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Three Things Every Dentist Should Know

by | Oct 24, 2022 | Articles, Nifty Blog | 0 comments

Dr. Glenn Vo,Nifty Thrifty Dentists,Nifty Thrifty deals,Nifty Thrifty,money saving deals dentists,online deals dental practice,deals for dental community,dentist deals online,Kyle Wallace,Wallace Specialty Insurance Group LLC,life insurance,office insurance

Last time I met with one of our newest sponsors—Kyle Wallace from the Wallace Specialty Insurance Group—for an episode of the Nifty Thrifty Dentists podcast, we were in the midst of the pandemic. Now that we’re back in the full swing of things and those scarier days are behind us, Kyle and I were able to have more fun this time around.

Speaking of which, many of you may know Kyle from his live streams during those dark days. He would grace us with a stream where he shared tons of advice and information to help us stay grounded. Kyle and I go way back to before the pandemic, though.

When I graduated dental school, I knew I needed to work with somebody whom I trusted surrounding disability and malpractice insurance. To put it simply: it takes a brainiac to navigate that tricky maze of red tape. Kyle had lectured in our class multiple times, and I knew he had great success working with folks like us. The truth is, you never really know how valuable it is to work with someone like Kyle until you actually get in trouble. And that’s why I want to share a little story with you all…

We all remember those patients who give us a hard time, especially when they go so far as threatening to sue. Well, as luck would have it, I had a patient who was mad at me for something I hadn’t done wrong and—you guessed it—they were ready to sue me over it.

I didn’t know what to do. At first I asked my colleagues and, while they gave some great advice, it wasn’t going to give me any sure bet of overcoming this patient’s situation. Then my wife said to me, “Why don’t you talk to Kyle?” At first I thought, “What can Kyle do, isn’t he an insurance guy?” But I gave him a chance, and he walked me through the whole process.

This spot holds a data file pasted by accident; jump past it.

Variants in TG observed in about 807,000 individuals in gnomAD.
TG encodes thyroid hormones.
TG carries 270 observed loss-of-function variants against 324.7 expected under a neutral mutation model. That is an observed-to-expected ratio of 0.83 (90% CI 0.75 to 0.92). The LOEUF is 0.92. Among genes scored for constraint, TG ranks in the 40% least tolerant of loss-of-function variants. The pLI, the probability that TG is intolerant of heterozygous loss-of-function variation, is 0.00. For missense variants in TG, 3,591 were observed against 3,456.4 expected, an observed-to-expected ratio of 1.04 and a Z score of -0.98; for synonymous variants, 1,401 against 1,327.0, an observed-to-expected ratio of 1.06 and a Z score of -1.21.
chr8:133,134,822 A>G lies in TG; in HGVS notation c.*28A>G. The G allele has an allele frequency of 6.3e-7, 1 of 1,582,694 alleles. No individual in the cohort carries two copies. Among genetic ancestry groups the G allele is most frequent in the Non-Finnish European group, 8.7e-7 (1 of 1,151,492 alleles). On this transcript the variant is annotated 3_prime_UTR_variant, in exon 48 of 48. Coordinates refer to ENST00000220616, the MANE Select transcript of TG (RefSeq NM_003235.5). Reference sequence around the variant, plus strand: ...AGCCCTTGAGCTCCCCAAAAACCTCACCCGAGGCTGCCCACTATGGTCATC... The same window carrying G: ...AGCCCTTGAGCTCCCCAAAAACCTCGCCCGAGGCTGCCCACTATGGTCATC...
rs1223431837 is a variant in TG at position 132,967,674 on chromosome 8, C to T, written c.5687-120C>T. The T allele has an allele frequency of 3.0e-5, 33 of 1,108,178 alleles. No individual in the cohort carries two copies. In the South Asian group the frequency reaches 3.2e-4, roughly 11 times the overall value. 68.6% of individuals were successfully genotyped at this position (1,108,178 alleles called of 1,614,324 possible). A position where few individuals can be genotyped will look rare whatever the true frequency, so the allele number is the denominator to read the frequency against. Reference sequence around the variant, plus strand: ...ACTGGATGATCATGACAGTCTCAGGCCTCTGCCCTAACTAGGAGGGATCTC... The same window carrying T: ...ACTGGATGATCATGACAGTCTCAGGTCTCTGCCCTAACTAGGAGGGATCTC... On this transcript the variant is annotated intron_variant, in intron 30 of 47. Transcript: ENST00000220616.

Long story short, I didn’t get sued and everything turned out a-okay. Although I haven’t run into a similar situation since, I always reach out to Kyle with any questions I have now. I’ve since sent him emails, novels, and more. His response is always, “Glenn, why don’t you just get on the phone with me?” Boy, it’s a breath of fresh air to have him around. Everyone is so busy in this day and age—and understandably so—but Kyle always makes the time to lend me a hand no matter what.

Kyle has over 35 years of experience in the insurance industry. He’s spent the last 25 working exclusively with dentists of all specialties and practices of all sizes. Kyle has seen “most everything” but, in his words, “seeing something new makes my day.” And while Kyle has operated in a plethora of insurance-related matters, malpractice is his “first love” and his favorite area to operate in.

As stated, Kyle is already a well-known face for many members of the Nifty Thrifty community. But he’s also well known across other spheres of the dental profession—especially those who went to school or live in the Dallas area. He’s taught the risk management portion of the AGD Master Track program in Dallas, has written several articles for Doctor of Dentistry magazine, and was a contributing author for the book, “The Practice Launchpad.”

Dr. Glenn Vo,Nifty Thrifty Dentists,Nifty Thrifty deals,Nifty Thrifty,money saving deals dentists,online deals dental practice,deals for dental community,dentist deals online,Kyle Wallace,Wallace Specialty Insurance Group LLC,life insurance,office insuranceWhether you’re a new dentist—like I was—or you’ve been practicing for a long time, chances are that you’re bound to run into issues surrounding disability and malpractice insurance. Wallace Speciality Insurance Group has evolved to serve more than 6,000 clients, and most of the day-to-day is handled by Kyle’s team.

That said, he’s maintained the role of “claim’s counseling” where he takes emails, calls, etc. from clients who are under a threat from a patient but that threat has not yet “escalated.” Typically, in order to get sued, you’ll need to really mess up in something that Kyle deems a “black-and-white” or “obvious” situation.

 

Otherwise, being sued is often more of a menacing threat than a reality. That said, you still need to be careful in order to prevent lawsuits!

At the end of the day, we’re all human. It’s important to not let your emotions take the helm, and Kyle is your guy when it comes to pragmatically navigating a situation where you may be in jeopardy of a lawsuit.

For those already working with Kyle, it’s worth sending him an email because, chances are, you need a quick update on your current dynamic.